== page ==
In yet another attempt by the Government to increase its revenues, the latest scheme being promoted is a change in tax rules concerning the availability of Entrepreneurs’ relief, which many tax experts believe will be effective from 6 April 2016.
The trend of tackling tax avoidance schemes seems to be a continuing theme with new rules being proposed that may affect distributions to individual shareholders in solvent liquidations – members’ voluntary liquidations. It is likely that a number of new and additional tests will need to be passed to qualify for Entrepreneurs’ relief.
We understand that, with effect from 6 April 2016, proposed new legislation to be included in the Draft Finance Bill 2016 may treat capital distributions from a company in member’s voluntary liquidation as income rather than capital if:
- The circumstances surrounding the liquidation have the main purpose, or one of the main purposes, of obtaining a tax advantage
- An individual who is a shareholder in a close company receives from that company a distribution in respect of shares held in a liquidation
- Within a period of two years after that distribution, the shareholder is involved or connected to a trade or activity similar to that previously carried out by the liquidated company.
Clearly, if these changes are implemented, which most tax and accountancy experts expect, then the result of these changes is that shareholders may no longer, after 6 April 2016, be able to claim Entrepreneur’s relief on distributions made to them through a member’s voluntary liquidation. Nor would they be able to return to the same trade within a two year period without the risk of paying tax at a higher rate. This may well affect certain industries more than others, particularly the property development industry, where developers often ring fence individual properties by incorporating new companies for each property.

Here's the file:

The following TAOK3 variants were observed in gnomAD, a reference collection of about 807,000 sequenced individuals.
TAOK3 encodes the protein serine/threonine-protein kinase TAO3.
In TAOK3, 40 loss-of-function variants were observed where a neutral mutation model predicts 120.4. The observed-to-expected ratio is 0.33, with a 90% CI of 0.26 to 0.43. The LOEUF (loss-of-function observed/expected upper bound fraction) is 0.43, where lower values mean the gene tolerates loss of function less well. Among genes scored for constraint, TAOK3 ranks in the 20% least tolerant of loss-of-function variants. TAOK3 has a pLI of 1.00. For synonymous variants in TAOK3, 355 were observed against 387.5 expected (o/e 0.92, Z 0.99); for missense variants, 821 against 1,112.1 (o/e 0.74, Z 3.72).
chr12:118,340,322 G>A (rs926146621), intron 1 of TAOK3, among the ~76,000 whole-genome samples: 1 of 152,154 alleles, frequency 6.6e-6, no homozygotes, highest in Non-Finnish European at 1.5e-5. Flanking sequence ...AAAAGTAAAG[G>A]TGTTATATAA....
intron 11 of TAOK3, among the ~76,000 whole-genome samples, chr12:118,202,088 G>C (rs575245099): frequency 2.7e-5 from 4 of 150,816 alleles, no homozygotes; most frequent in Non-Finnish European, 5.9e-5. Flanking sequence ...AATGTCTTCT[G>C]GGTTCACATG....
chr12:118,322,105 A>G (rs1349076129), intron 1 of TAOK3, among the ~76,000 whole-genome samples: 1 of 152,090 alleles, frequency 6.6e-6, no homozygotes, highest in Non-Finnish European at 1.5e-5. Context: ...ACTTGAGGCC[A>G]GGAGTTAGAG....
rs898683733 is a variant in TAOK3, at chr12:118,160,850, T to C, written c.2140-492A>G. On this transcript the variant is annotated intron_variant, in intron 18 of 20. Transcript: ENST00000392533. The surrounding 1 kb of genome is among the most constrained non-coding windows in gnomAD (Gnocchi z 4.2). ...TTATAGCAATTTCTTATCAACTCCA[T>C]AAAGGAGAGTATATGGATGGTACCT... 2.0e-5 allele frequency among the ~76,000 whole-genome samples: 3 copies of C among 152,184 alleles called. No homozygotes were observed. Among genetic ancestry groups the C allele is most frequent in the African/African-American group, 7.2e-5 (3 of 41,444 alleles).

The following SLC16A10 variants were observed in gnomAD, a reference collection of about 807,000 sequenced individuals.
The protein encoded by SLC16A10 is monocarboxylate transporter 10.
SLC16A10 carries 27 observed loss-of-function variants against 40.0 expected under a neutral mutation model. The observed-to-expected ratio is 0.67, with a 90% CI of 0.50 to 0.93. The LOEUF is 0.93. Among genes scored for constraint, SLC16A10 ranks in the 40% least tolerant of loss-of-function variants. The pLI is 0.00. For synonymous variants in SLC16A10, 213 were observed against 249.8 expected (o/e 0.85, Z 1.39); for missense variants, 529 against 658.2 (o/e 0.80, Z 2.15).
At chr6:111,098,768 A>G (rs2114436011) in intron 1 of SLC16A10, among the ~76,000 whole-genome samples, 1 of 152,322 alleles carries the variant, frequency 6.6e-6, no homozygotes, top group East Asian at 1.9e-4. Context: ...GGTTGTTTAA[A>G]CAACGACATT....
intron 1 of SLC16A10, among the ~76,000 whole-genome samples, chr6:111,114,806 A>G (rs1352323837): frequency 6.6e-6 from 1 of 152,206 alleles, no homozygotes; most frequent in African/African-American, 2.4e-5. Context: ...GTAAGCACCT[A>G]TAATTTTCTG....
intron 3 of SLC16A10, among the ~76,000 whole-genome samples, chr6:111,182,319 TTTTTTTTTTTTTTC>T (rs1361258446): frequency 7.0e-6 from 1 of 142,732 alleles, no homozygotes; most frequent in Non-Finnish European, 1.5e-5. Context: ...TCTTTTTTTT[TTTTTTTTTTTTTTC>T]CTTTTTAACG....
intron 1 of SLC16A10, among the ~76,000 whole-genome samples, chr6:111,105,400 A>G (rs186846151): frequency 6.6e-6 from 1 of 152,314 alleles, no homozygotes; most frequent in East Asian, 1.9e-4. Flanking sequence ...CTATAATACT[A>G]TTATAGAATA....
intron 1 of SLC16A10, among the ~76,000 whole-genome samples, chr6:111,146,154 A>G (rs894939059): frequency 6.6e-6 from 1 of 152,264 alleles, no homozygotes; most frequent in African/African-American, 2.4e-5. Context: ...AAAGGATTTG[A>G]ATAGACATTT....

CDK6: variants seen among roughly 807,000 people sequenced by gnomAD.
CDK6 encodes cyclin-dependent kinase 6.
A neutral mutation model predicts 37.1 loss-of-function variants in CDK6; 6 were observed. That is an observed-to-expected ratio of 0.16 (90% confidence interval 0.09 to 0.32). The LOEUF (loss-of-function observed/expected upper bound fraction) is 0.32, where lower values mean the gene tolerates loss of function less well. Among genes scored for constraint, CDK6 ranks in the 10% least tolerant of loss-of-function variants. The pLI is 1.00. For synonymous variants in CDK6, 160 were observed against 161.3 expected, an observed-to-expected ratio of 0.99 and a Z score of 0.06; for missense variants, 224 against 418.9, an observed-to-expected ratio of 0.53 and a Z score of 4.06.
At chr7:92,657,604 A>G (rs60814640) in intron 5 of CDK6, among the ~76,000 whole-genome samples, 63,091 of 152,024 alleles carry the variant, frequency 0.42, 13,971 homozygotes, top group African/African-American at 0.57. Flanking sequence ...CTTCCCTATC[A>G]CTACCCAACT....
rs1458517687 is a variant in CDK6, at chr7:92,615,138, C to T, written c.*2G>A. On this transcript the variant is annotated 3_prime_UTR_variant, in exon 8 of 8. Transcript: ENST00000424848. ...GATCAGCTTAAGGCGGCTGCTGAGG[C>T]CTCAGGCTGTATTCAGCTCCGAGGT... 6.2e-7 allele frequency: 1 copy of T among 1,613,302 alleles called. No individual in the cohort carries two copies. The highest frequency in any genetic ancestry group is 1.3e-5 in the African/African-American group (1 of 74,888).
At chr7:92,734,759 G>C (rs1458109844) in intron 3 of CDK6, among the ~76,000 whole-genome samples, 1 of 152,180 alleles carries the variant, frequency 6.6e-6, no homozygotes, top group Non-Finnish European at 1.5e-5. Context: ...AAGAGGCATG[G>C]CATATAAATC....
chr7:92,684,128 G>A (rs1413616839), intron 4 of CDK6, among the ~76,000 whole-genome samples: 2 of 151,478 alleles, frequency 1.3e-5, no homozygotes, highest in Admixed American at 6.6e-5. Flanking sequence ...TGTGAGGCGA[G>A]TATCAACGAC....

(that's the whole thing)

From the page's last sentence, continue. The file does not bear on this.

Not all companies will be affected by these proposed changes and the relevant professional advice should be sought before making any decisions that cannot be revoked. Should you believe that you may have any clients that would possibly be considering effecting a solvent liquidation process to take advantage of the current rules before the proposed new legislation becomes law, then we would be delighted to discuss this with you.
The majority of solvent liquidations that we effect for clients are fairly straightforward – the key to ensuring their success is effective tax planning, which is an area that we recommend should be completed by the company’s own auditors/accountants. The majority of our work is taken up with statutory compliance and distribution of funds.
Our fees are highly competitive and, for an average solvent liquidation, are usually around £2,000 plus VAT and disbursements.
At CFS, we have the experience and expertise required to wind down companies in a tax efficient manner.
If you believe that this forthcoming change in legislation could affect your clients, please get in touch with CFS today and we will happily speak with you or your clients confidentially about how we can help and the services that we provide.